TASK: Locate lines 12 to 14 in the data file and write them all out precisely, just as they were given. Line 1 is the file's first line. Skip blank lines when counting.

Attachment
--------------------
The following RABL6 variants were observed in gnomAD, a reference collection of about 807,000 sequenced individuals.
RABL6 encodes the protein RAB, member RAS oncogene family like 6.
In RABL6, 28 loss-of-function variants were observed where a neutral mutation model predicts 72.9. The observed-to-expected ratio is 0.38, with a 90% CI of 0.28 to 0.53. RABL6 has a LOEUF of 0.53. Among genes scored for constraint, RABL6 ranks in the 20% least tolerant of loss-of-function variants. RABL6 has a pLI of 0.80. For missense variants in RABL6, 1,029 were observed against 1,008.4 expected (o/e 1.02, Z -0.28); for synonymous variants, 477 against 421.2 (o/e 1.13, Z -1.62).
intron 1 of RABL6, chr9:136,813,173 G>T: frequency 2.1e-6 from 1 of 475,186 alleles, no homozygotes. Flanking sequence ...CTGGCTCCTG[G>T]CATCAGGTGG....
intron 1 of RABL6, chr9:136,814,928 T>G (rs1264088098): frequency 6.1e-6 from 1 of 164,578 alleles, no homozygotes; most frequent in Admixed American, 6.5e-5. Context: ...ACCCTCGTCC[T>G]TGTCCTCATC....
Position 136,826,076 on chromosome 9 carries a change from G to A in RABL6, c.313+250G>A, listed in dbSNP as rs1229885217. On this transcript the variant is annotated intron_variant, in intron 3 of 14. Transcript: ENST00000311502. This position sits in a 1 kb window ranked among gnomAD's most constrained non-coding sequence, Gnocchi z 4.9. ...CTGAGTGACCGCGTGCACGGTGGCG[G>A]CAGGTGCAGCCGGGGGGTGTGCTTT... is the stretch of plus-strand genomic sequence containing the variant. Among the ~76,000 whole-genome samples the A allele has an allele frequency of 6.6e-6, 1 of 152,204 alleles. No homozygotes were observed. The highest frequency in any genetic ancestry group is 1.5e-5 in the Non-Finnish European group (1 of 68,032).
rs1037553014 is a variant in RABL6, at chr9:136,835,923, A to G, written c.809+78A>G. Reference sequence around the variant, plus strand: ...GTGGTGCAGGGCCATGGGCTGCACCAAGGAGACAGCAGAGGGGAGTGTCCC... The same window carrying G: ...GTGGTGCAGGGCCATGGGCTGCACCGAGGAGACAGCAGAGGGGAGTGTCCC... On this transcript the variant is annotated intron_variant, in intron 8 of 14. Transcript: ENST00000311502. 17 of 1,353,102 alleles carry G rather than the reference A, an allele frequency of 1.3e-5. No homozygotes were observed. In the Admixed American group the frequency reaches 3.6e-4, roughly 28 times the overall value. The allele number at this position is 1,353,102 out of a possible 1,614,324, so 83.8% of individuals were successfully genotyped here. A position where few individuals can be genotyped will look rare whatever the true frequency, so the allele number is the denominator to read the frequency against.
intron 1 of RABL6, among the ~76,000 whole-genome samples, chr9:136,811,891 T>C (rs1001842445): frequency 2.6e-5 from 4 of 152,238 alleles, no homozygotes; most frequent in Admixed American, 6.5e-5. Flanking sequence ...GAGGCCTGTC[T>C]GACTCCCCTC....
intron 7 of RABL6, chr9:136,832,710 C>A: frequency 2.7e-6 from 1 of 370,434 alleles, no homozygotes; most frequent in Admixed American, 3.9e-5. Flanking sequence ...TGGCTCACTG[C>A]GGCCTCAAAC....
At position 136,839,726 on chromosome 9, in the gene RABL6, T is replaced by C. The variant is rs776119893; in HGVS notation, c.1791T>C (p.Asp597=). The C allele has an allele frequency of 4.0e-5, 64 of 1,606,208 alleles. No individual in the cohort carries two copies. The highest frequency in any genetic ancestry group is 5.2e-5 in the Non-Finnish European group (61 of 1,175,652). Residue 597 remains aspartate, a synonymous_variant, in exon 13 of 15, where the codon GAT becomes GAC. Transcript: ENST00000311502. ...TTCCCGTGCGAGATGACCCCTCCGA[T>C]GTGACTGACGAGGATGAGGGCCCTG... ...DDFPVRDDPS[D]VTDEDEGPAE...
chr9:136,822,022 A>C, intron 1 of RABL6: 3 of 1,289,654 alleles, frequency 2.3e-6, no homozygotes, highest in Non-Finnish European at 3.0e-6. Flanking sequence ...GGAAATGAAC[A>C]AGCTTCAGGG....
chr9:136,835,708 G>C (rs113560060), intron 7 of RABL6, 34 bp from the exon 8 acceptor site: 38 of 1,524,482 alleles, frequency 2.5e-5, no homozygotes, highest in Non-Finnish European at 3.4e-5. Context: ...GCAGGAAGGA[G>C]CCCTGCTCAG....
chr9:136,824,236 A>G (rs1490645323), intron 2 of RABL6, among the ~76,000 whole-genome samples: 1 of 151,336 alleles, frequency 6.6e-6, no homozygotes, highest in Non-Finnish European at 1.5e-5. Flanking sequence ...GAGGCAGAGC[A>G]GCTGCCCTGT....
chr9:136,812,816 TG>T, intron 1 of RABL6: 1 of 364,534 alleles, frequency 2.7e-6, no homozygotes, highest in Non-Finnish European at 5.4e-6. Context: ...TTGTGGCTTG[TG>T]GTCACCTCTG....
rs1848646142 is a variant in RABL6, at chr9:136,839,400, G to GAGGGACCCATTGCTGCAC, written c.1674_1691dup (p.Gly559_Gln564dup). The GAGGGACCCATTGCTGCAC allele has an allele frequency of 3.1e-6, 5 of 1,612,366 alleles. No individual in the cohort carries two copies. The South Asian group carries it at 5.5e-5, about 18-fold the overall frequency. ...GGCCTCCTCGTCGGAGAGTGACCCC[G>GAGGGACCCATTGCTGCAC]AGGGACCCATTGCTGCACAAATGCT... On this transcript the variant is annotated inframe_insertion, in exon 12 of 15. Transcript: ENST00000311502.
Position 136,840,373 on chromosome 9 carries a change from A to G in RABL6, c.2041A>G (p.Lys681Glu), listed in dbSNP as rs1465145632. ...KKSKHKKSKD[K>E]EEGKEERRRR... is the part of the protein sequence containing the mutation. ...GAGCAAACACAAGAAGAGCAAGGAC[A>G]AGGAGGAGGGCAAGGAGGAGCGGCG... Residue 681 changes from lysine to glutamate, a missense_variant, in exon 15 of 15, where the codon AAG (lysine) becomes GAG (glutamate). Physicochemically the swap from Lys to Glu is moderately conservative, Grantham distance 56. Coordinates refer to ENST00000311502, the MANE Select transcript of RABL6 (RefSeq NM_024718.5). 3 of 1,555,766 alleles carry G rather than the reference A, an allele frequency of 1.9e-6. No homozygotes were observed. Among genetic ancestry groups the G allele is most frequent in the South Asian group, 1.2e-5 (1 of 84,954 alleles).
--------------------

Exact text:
chr9:136,835,708 G>C (rs113560060), intron 7 of RABL6, 34 bp from the exon 8 acceptor site: 38 of 1,524,482 alleles, frequency 2.5e-5, no homozygotes, highest in Non-Finnish European at 3.4e-5. Context: ...GCAGGAAGGA[G>C]CCCTGCTCAG....
chr9:136,824,236 A>G (rs1490645323), intron 2 of RABL6, among the ~76,000 whole-genome samples: 1 of 151,336 alleles, frequency 6.6e-6, no homozygotes, highest in Non-Finnish European at 1.5e-5. Flanking sequence ...GAGGCAGAGC[A>G]GCTGCCCTGT....
chr9:136,812,816 TG>T, intron 1 of RABL6: 1 of 364,534 alleles, frequency 2.7e-6, no homozygotes, highest in Non-Finnish European at 5.4e-6. Context: ...TTGTGGCTTG[TG>T]GTCACCTCTG....